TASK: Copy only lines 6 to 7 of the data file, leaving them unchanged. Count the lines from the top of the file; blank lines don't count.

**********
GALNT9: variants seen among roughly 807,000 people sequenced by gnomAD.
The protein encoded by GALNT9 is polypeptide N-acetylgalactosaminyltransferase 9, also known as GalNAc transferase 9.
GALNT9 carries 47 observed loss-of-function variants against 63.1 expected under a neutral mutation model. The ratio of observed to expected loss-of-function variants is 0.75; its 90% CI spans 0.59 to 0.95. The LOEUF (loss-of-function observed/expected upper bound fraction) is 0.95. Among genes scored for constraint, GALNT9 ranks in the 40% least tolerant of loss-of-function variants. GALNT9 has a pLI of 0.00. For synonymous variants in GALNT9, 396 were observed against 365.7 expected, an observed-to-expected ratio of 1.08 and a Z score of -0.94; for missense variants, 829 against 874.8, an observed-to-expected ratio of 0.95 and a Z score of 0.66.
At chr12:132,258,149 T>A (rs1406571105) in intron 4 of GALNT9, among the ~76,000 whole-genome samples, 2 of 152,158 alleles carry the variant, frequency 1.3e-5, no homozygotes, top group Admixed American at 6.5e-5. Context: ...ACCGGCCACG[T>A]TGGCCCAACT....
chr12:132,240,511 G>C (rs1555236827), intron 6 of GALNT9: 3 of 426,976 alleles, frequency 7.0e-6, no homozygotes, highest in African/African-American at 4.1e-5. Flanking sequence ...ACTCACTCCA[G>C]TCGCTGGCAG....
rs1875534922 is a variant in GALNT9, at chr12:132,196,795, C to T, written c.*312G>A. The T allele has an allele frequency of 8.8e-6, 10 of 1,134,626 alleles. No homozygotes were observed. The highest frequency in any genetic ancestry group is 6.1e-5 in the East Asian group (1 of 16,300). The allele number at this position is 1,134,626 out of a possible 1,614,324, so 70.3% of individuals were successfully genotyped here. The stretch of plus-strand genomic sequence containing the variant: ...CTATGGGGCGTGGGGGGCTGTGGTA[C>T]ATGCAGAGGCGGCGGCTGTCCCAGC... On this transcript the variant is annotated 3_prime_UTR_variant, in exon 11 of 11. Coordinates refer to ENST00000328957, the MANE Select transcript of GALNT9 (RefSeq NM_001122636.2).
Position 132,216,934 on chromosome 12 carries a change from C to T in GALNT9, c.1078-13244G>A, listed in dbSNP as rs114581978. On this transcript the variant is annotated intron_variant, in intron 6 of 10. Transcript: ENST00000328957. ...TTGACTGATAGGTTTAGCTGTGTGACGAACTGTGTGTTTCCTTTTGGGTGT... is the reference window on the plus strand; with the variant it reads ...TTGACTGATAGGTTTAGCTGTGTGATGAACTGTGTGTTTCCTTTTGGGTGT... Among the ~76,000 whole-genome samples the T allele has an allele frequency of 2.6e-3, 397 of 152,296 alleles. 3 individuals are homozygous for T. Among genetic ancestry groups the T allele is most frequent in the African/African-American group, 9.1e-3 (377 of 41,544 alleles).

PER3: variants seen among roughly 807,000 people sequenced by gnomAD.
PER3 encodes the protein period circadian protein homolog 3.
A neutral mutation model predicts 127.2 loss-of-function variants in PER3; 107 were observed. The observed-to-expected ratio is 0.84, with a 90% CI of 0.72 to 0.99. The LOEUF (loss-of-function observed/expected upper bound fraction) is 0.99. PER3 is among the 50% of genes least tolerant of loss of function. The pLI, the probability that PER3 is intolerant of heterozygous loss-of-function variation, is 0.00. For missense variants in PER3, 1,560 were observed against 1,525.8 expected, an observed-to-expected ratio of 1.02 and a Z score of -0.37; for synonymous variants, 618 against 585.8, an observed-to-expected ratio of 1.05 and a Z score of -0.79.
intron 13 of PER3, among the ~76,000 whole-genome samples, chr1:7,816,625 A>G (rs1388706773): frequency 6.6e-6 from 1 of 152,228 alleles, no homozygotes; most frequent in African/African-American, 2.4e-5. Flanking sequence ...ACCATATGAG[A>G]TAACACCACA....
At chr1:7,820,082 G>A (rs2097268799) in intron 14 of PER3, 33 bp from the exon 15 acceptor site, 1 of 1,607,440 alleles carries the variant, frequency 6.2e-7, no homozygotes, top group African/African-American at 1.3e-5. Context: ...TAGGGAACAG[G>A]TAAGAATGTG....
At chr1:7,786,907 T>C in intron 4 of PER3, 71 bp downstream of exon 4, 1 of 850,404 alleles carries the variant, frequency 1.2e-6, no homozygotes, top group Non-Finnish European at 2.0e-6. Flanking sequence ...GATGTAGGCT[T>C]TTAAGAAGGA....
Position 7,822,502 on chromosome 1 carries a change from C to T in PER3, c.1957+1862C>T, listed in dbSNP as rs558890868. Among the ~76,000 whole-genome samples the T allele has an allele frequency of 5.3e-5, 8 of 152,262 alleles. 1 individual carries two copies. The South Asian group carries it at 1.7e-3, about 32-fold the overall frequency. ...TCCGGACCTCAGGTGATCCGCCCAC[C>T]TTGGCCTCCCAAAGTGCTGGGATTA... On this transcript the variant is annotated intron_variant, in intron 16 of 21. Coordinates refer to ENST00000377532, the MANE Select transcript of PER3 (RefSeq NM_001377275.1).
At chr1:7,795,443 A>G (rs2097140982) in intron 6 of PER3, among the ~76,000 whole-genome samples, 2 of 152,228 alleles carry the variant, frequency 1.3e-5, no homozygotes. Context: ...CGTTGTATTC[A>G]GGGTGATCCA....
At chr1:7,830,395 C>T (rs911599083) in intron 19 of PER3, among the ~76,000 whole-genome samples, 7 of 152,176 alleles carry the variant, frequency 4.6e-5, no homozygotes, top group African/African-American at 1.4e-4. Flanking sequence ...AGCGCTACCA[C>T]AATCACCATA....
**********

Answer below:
rs1875534922 is a variant in GALNT9, at chr12:132,196,795, C to T, written c.*312G>A. The T allele has an allele frequency of 8.8e-6, 10 of 1,134,626 alleles. No homozygotes were observed. The highest frequency in any genetic ancestry group is 6.1e-5 in the East Asian group (1 of 16,300). The allele number at this position is 1,134,626 out of a possible 1,614,324, so 70.3% of individuals were successfully genotyped here. The stretch of plus-strand genomic sequence containing the variant: ...CTATGGGGCGTGGGGGGCTGTGGTA[C>T]ATGCAGAGGCGGCGGCTGTCCCAGC... On this transcript the variant is annotated 3_prime_UTR_variant, in exon 11 of 11. Coordinates refer to ENST00000328957, the MANE Select transcript of GALNT9 (RefSeq NM_001122636.2).
Position 132,216,934 on chromosome 12 carries a change from C to T in GALNT9, c.1078-13244G>A, listed in dbSNP as rs114581978. On this transcript the variant is annotated intron_variant, in intron 6 of 10. Transcript: ENST00000328957. ...TTGACTGATAGGTTTAGCTGTGTGACGAACTGTGTGTTTCCTTTTGGGTGT... is the reference window on the plus strand; with the variant it reads ...TTGACTGATAGGTTTAGCTGTGTGATGAACTGTGTGTTTCCTTTTGGGTGT... Among the ~76,000 whole-genome samples the T allele has an allele frequency of 2.6e-3, 397 of 152,296 alleles. 3 individuals are homozygous for T. Among genetic ancestry groups the T allele is most frequent in the African/African-American group, 9.1e-3 (377 of 41,544 alleles).